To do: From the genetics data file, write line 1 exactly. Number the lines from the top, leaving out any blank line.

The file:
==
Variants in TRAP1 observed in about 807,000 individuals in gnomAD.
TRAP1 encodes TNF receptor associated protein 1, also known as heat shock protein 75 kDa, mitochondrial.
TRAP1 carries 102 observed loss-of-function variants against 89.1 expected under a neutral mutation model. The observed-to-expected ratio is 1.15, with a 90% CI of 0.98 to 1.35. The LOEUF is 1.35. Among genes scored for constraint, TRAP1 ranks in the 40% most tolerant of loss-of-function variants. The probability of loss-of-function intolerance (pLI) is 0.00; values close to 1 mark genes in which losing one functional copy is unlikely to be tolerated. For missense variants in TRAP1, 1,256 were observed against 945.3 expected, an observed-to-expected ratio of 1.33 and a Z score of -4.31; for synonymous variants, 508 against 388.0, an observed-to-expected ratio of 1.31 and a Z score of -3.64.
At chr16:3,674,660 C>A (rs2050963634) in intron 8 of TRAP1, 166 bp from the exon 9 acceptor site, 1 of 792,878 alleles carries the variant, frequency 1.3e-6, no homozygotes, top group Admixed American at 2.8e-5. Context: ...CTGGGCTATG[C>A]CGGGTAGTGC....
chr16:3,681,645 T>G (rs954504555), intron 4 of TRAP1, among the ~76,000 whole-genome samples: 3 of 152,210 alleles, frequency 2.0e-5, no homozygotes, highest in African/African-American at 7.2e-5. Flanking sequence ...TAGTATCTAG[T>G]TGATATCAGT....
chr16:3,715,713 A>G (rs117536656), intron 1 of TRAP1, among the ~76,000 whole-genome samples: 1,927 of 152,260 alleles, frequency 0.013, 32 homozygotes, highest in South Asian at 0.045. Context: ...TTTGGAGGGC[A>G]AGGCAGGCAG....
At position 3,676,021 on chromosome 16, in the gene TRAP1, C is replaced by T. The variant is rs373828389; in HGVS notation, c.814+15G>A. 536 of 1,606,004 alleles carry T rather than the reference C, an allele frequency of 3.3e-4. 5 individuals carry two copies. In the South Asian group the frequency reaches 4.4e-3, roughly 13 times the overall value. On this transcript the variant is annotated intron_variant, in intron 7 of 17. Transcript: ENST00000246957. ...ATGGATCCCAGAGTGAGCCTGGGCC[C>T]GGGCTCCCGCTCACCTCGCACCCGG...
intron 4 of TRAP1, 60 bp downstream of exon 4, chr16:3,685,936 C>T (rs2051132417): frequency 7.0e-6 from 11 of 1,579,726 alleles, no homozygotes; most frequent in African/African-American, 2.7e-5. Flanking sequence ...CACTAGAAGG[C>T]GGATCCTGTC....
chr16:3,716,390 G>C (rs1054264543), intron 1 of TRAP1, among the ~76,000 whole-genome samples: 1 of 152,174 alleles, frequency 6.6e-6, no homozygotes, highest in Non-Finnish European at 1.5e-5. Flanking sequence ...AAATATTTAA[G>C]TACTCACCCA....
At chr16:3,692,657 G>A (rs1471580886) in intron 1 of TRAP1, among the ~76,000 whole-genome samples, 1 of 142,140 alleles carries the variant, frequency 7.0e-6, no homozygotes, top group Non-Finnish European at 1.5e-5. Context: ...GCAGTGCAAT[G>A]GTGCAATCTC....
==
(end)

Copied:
Variants in TRAP1 observed in about 807,000 individuals in gnomAD.